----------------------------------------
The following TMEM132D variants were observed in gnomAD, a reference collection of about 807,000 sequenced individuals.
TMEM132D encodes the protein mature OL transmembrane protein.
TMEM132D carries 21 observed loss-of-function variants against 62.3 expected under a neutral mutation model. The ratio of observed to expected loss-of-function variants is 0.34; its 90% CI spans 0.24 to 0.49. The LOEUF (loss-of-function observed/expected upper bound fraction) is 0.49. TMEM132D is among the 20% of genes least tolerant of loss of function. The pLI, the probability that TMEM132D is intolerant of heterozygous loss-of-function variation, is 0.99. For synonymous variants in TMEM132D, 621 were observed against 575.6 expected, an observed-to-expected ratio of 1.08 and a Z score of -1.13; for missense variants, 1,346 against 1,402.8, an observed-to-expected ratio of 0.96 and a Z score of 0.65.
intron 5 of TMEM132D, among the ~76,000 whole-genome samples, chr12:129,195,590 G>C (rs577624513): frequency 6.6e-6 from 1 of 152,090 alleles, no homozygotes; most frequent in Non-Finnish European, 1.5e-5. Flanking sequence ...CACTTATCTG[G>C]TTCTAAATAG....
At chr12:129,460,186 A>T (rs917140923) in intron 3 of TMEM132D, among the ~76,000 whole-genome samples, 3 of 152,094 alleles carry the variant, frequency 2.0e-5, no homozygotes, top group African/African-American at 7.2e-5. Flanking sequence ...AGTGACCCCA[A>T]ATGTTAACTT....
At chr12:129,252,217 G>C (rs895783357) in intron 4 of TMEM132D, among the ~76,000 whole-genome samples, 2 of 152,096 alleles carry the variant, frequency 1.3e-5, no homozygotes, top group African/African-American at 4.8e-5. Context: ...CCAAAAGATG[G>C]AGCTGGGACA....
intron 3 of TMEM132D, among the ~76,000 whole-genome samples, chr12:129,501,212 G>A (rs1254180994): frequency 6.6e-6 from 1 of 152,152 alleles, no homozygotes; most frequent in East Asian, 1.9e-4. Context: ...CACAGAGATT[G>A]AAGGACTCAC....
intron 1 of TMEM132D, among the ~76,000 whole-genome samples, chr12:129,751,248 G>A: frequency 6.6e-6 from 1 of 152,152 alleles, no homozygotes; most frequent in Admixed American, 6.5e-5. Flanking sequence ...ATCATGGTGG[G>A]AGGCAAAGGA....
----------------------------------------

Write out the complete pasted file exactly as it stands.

The following TMEM132D variants were observed in gnomAD, a reference collection of about 807,000 sequenced individuals.
TMEM132D encodes the protein mature OL transmembrane protein.
TMEM132D carries 21 observed loss-of-function variants against 62.3 expected under a neutral mutation model. The ratio of observed to expected loss-of-function variants is 0.34; its 90% CI spans 0.24 to 0.49. The LOEUF (loss-of-function observed/expected upper bound fraction) is 0.49. TMEM132D is among the 20% of genes least tolerant of loss of function. The pLI, the probability that TMEM132D is intolerant of heterozygous loss-of-function variation, is 0.99. For synonymous variants in TMEM132D, 621 were observed against 575.6 expected, an observed-to-expected ratio of 1.08 and a Z score of -1.13; for missense variants, 1,346 against 1,402.8, an observed-to-expected ratio of 0.96 and a Z score of 0.65.
intron 5 of TMEM132D, among the ~76,000 whole-genome samples, chr12:129,195,590 G>C (rs577624513): frequency 6.6e-6 from 1 of 152,090 alleles, no homozygotes; most frequent in Non-Finnish European, 1.5e-5. Flanking sequence ...CACTTATCTG[G>C]TTCTAAATAG....
At chr12:129,460,186 A>T (rs917140923) in intron 3 of TMEM132D, among the ~76,000 whole-genome samples, 3 of 152,094 alleles carry the variant, frequency 2.0e-5, no homozygotes, top group African/African-American at 7.2e-5. Flanking sequence ...AGTGACCCCA[A>T]ATGTTAACTT....
At chr12:129,252,217 G>C (rs895783357) in intron 4 of TMEM132D, among the ~76,000 whole-genome samples, 2 of 152,096 alleles carry the variant, frequency 1.3e-5, no homozygotes, top group African/African-American at 4.8e-5. Context: ...CCAAAAGATG[G>C]AGCTGGGACA....
intron 3 of TMEM132D, among the ~76,000 whole-genome samples, chr12:129,501,212 G>A (rs1254180994): frequency 6.6e-6 from 1 of 152,152 alleles, no homozygotes; most frequent in East Asian, 1.9e-4. Context: ...CACAGAGATT[G>A]AAGGACTCAC....
intron 1 of TMEM132D, among the ~76,000 whole-genome samples, chr12:129,751,248 G>A: frequency 6.6e-6 from 1 of 152,152 alleles, no homozygotes; most frequent in Admixed American, 6.5e-5. Flanking sequence ...ATCATGGTGG[G>A]AGGCAAAGGA....